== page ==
21. The lamp of claim 19, wherein the conductive paths are regularly spaced parallel lines, arranged in a straight, or helical, or sinusoidal, or triangular, or other shifting pattern extending effectively the length of the lamp.
22. The lamp of claim 21, wherein the spacing between adjacent conductive paths is 0.1-10 mm.
23. The lamp of claim 21, wherein the spacing between adjacent conductive paths is 0.5-4 mm.
24. The lamp of claim 21, wherein the spacing between adjacent conductive paths is 1- 2 mm.
25. The lamp of claim 22, wherein the conductive paths are constructed and operatively attached to the light-transmissive envelope such that they comprise no more than 1% of the total surface area of the light-transmissive envelope.
26. The lamp of claim 22, wherein the conductive paths are constructed and operatively attached to the light-transmissive envelope such that they comprise no more than 0.5% of the total surface area of the light-transmissive envelope.
27. The lamp of claim 22, wherein the conductive paths are constructed and operatively attached to the light-transmissive envelope such that they comprise no more than 0.1% of the total surface area of the light-transmissive envelope.
28. The lamp of claim 22, wherein the number of conductive paths is 3-15.
29. The lamp of claim 22, wherein the number of conductive paths is 5-10.
30. A fluorescent lamp for use with an electronic ballast comprising a light-transmissive glass envelope having a surface area and having an inner surface, a pair of spaced electrode structures, and a conductive array for reducing the starting voltage, said conductive array made from a metal conductor or nanofiber and operatively attached to the light-transmissive envelope; wherein the conductive array provides an electrically conductive path between said spaced electrode structures, wherein the conductive array is constructed and operatively attached to the light-transmissive envelope such that it comprises no more than 4% of the total surface area of the light-transmissive envelope.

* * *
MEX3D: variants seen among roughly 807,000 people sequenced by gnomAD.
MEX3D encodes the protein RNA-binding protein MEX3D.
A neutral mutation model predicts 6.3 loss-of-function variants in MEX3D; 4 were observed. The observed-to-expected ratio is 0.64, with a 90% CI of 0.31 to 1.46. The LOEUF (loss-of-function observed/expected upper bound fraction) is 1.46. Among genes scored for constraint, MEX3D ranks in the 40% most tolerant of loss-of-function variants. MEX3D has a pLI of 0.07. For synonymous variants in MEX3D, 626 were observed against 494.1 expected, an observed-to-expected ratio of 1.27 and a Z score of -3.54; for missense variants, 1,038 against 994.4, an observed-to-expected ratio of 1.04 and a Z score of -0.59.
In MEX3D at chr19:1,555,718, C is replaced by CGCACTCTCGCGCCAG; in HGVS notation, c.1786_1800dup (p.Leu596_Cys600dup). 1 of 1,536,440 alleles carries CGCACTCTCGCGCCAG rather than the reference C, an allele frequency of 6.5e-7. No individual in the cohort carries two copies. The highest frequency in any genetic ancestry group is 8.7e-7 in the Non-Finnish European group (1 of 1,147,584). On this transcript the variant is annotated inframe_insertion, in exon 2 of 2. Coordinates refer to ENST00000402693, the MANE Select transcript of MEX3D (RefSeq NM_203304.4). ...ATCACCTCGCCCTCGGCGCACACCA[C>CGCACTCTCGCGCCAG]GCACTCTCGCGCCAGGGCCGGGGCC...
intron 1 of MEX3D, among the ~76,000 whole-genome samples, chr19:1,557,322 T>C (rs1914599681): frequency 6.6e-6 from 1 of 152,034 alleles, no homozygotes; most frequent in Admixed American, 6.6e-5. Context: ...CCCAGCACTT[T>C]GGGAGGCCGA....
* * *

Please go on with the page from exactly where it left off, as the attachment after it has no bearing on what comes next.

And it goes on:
31. The lamp of claim 30, wherein the conductive array is operatively attached to the outside surface of the light-transmissive envelope, the inside surface of the light-transmissive envelope or imbedded within the light-transmissive envelope.
32. The lamp of claim 31, wherein the conductive array has a resistivity of less than 10 −4 ohm-cm.
33. The lamp of claim 31, wherein the conductive array is a regularly spaced array of parallel lines, arranged in a straight, or helical, or sinusoidal, or triangular, or other shifting pattern extending effectively the length of the lamp.
34. The lamp of claim 31, wherein the conductive array is constructed and operatively attached to the light-transmissive envelope such that it comprises no more than 1% of the total surface area of the light-transmissive envelope.
35. The lamp of claim 31, wherein the conductive array is constructed and operatively attached to the light-transmissive envelope such that it comprises no more than 0.5% of the total surface area of the light-transmissive envelope.
36. The lamp of claim 31, wherein the conductive array is constructed and operatively attached to the light-transmissive envelope such that it comprises no more than 0.1% of the total surface area of the light-transmissive envelope.
Description
FIELD OF INVENTION

The present invention relates generally to a fluorescent lamp and more particularly to a lower wattage, energy efficient fluorescent lamp having an improved starting assembly.

BACKGROUND OF THE INVENTION

Standard T8 lamps utilizing only argon as the inert fill gas have a lower lumen efficacy, expressed as lumens per watt, as compared to argon/krypton energy efficient T8 lamps. These lower wattage T8 lamps yield reduced positive column power through addition of krypton to the fill gas. The addition of krypton reduces energy consumption in fluorescent lamps because krypton, having a higher atomic weight than argon, results in a lower wattage gradient in the positive column with lower heat conduction losses per unit length of discharge in the lamp. These lamps are known as GE Watt-Miser® lamps. However, the addition of krypton increases the peak voltage required to start the lamp, such that the lamp will not start on some ballasts, including many rapid start and programmed start ballasts. Thus, it is desirable to produce both a high efficiency lamp containing krypton capable of starting and operating on all existing ballasts so that the lamps can be rated for “Universal Operation on all ballasts”.

In order to solve the above-mentioned problem, a starting assembly is used to effect reliable starting of lower wattage fluorescent lamps with or without krypton in the fill gas. The starting assembly provides an easier path for the electrons to flow during starting of the lamp thereby reducing the peak starting voltage requirement of the lamp.